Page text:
Northeast Coastal Areas Study
Significant Coastal Habitats

Site 39 (MA)

Map

I. SITE NAME: Muskeget and Tuckernuck Islands and Muskeget Channel

II. LOCATION: Muskeget and Tuckernuck Islands are located just west of Nantucket Island and south of Cape Cod. Muskeget Channel is a shallow water channel running between the open Atlantic Ocean and Nantucket Sound and lying between Nantucket Island and Martha's Vineyard.

TOWN: Nantucket
COUNTY: Nantucket
STATE: Massachusetts
USGS 7.5 MIN QUAD: Tuckernuck Island, Mass 41070-33
USGS 30x60 MIN QUAD: Martha's Vineyard 41070-A1

III. GENERAL BOUNDARY: The general boundary for this area is outlined on the accompanying map, and includes both islands in their entirety and the nearshore shallow water shoals surrounding them. The main channel area extends from west of Muskeget Island east to Chappaquiddick Island, Martha's Vineyard.

IV. OWNERSHIP/PROTECTED STATUS: Both islands are predominately in private ownership. Parts of Muskeget Island are owned by the Town of Nantucket. There are approximately 30-35 seasonally occupied dwellings on Tuckernuck Island.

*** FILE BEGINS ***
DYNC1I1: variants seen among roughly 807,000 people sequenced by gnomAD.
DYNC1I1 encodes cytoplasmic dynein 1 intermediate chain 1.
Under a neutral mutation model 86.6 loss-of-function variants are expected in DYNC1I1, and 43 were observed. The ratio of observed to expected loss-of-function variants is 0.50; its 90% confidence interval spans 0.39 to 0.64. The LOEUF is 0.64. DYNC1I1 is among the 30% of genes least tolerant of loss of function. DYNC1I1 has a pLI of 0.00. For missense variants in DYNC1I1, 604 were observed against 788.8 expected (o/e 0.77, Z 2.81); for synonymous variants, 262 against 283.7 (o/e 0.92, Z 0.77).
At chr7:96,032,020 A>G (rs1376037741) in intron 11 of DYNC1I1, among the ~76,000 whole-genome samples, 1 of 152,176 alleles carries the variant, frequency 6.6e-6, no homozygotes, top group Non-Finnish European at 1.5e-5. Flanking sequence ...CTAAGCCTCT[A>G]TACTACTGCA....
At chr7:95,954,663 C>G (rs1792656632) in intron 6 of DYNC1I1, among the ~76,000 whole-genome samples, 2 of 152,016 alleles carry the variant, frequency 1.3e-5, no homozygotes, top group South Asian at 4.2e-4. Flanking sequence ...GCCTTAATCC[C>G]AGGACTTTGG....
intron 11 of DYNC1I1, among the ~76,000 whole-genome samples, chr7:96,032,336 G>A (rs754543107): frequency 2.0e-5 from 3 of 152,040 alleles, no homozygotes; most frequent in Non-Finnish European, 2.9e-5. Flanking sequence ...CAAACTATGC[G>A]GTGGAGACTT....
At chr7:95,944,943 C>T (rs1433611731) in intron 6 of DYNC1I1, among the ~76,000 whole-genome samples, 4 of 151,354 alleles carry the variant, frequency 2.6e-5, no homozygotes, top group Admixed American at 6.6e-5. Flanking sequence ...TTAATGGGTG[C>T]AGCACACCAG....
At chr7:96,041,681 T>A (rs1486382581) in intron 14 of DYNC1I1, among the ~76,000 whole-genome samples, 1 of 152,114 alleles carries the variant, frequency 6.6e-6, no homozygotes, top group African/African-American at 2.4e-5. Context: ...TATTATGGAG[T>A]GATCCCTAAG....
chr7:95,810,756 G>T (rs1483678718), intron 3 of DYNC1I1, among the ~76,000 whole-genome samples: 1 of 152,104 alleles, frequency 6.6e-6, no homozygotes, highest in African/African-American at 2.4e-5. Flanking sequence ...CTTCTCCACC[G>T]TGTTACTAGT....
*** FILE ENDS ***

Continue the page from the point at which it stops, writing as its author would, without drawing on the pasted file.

V. GENERAL HABITAT DESCRIPTION: Muskeget Channel is a shallow water area of temporary shoals and permanent islands. Muskeget and Tuckernuck Islands were originally formed by the terminal moraine of the last glacial episode. Tuckernuck still retains remnants of the moraine as low hills, but the southern half of the island consists of outwash plains characterized by coastal heathland, a globally restricted and endangered plant community. This community occurs only from Long Island, NY, to Cape Cod, MA. Dominant species include little bluestem (Schizachyrium scoparium), bearberry (Arctostaphylos uva-ursi), and low ericaceous shrubs. There are extensive areas of scrub oak (Quercus ilicifolia) vegetation up to 15 feet (5 m) in height with pitch pine (Pinus rigida), black huckleberry (Gaylussacia baccata), bayberry (Myrica pensylvanica), beach plum (Prunus maritima) and sweet pepperbush (Clethra alnifolia). Red maple (Acer rubrum) and black gum (Nyssa sylvatica) occur in kettlehole swamps. Muskeget Island has lost its morainal hills and is now composed of marine-worked sands and gravels. The dominant plants are beachgrass (Ammophila breviligulata), seaside goldenrod (Solidago sempervirens), poison ivy (Toxicodendron radicans), bayberry, beach plum, saltspray rose (Rosa rugosa) and other shrubs on the stabilized dunes. There are a few small freshwater marshes and a saltmarsh dominated by cordgrass (Spartina alterniflora).